GSA, male, 55 years old, white, forklift operator, natural and from the state of São Paulo, was referred to the office reporting dyspnea on efforts with progressive worsening in the last two months, asthenia, inappetence and weight loss. He reported periods of night sweats but denied a fever. He referred to hypothyroidism and dyslipidemia on treatment with levothyroxine sodium and simvastatin. Physical examination was afebrile, eupneic and with mild jugular stasis. In the chest examination no adventitious noises were observed in the pulmonary auscultation and, in cardiac auscultation, the rhythm was irregular, without murmurs and the sounds were normal. No paradoxical pulse was observed. In the examination of the abdomen there was discrete hepatomegaly without other changes. Biochemical tests were normal, serology for human immunodeficiency virus (HIV) was negative, and the search for alcohol-acid-resistant bacilli in the sputum was negative. On the electrocardiogram, atrial fibrillation was evidenced. In the simple chest radiographs, there was extensive pericardial calcification involving right ventricular chamber and right atrial chamber (Figure 1A). In the color doppler echocardiogram it was observed the presence of echogenic image prior to the right atrium and ventricle, mainly restricting the mobility and contractility of the basal mean portion of the ventricular chamber; asynchronous movement of the whole right ventricle and interventricular septum compromising the systolic-diastolic function of this chamber; dilated hepatic veins and inferior vena cava with variation of expandability reduced to the maneuvers and impairment of left ventricular systolic function. Magnetic resonance of the thorax revealed signs of pericardial thickening with surrounding calcifications, with the largest thickness, about 3 cm, in the anterior and lower anterior pericardial walls (Figure 1B). The hemodynamic study showed significant diffuse pericardial calcification and absence of obstructive coronariopathy. With these findings, pericardiectomy was indicated. Access to the thoracic cavity was by median sternotomy, after which a distended pericardium was seen in the lower third. The opening immediately exposed a large volume of a doughy material of dark brown color and necrotic appearance (caseous necrosis). A great amount of this collection was promptly removed from below the diaphragmatic wall of the right ventricle where it had been exerting a great compressive effect (Figure 2A). During surgery, a large volume of calcium was found in the pericardium, most of which strongly adhered to the right chambers, compressing the right ventricle, particularly. Careful removal of the thickened pericardium and calcium was required, and in view of the hemodynamic instability, the risk of cardiac perforation and the posterior extension of pericarditis, the use of extracorporeal circulation was chosen. Extracorporeal circulation was then established by drainage of both vena cava and arterial infusion through the ascending aorta. Under total aortic clamping and cardioplegic arrest, with Custodiol®, excision of the thickened pericardium and calcium were performed, which extended posteriorly until the pulmonary veins’ debouchment. After complete removal of pericardium, calcium, and caseous necrosis, the heart was fully released (Figure 2B). Extracorporeal circulation was then discontinued, with the help of inotropic drugs, as soon as the hemodynamic conditions allowed. The surgery was completed with revision of hemostasis, mediastinal and retrocardiac drainage and finally closure of the thorax. Patient remained under intensive care unit for 5 days, a longer period than usual, necessary for weaning vasoactive drugs and readaptation to the new hemodynamic picture. An anatomopathological study revealed chronic non-specific pericarditis with diffuse hyalinized fibrosis, vascular neoformation and extensive dystrophic calcification. The culture was negative for the presence of alcohol-acid-resistant bacilli. The patient presented a good evolution and was discharged from hospital to resume his daily life. The Doppler echocardiogram before hospital discharge revealed a significant improvement with biventricular normofunction. Despite the fact that the tests did not detect tuberculosis, due to the strongly suggestive clinical picture, antituberculosis (Rifampicin, Isoniazid, Pirazinamide) was started in the first phase and (Rifampicin, Isoniazid) in the second phase.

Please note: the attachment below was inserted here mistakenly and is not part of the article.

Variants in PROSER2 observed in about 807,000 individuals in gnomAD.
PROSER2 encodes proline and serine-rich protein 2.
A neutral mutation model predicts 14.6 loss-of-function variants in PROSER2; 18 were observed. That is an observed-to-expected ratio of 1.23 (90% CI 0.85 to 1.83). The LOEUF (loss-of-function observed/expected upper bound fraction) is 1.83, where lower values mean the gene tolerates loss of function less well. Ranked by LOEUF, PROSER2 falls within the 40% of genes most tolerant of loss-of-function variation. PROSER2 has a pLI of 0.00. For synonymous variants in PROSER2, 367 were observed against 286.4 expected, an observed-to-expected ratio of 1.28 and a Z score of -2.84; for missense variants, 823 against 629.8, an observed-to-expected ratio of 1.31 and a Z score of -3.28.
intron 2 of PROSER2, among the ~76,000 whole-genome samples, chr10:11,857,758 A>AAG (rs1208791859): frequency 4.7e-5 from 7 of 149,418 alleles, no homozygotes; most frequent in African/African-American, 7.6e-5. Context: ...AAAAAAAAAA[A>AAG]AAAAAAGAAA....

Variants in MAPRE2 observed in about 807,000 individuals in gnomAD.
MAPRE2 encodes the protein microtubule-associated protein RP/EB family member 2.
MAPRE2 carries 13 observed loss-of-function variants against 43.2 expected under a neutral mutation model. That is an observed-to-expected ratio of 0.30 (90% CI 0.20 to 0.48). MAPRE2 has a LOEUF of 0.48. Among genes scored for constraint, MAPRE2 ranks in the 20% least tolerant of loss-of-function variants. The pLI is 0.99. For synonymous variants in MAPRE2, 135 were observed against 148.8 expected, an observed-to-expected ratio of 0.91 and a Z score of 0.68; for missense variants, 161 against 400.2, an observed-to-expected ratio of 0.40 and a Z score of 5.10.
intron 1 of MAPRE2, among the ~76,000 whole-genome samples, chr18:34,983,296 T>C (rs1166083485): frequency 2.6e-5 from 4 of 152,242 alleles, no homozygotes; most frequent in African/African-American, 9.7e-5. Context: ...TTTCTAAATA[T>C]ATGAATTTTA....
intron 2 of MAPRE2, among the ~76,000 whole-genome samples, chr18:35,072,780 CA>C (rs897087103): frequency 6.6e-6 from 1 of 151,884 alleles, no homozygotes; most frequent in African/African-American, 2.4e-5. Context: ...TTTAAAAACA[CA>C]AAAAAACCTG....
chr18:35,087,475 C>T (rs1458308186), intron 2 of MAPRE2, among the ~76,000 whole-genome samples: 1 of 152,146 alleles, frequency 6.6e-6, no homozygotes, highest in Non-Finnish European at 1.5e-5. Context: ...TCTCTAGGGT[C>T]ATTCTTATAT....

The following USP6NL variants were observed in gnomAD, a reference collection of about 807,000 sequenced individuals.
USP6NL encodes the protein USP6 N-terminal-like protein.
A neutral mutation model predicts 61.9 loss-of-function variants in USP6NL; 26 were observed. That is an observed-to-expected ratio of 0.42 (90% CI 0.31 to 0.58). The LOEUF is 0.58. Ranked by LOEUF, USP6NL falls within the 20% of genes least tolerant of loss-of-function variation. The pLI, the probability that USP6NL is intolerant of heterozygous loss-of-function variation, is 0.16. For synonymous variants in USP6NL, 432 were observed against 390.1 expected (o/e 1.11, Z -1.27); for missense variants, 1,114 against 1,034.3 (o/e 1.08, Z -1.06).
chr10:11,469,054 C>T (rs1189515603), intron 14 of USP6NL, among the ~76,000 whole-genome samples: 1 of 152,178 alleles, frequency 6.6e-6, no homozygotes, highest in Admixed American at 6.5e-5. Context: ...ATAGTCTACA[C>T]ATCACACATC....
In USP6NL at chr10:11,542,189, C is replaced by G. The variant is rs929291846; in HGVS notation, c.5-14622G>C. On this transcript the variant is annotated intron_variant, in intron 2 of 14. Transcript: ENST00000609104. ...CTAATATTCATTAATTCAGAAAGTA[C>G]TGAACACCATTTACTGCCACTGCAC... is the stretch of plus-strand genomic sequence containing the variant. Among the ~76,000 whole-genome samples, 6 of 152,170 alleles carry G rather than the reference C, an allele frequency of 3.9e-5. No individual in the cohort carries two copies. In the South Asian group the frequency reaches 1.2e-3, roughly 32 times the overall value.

Fig. 1A - Chest X-ray.